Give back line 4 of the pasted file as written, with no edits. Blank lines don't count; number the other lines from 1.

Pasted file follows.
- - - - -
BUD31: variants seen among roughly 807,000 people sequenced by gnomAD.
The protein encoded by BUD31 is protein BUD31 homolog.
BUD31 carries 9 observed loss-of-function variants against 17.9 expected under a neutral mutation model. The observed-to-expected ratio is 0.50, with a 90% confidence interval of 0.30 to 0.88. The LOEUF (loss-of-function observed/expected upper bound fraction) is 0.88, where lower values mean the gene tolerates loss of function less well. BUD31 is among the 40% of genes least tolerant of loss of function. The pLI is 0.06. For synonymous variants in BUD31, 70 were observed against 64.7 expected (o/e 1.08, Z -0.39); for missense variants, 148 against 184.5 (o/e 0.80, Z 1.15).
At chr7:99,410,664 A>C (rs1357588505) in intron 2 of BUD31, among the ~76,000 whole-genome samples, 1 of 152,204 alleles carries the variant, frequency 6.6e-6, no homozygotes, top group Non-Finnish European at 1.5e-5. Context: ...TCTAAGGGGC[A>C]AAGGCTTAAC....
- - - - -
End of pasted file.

At chr7:99,410,664 A>C (rs1357588505) in intron 2 of BUD31, among the ~76,000 whole-genome samples, 1 of 152,204 alleles carries the variant, frequency 6.6e-6, no homozygotes, top group Non-Finnish European at 1.5e-5. Context: ...TCTAAGGGGC[A>C]AAGGCTTAAC....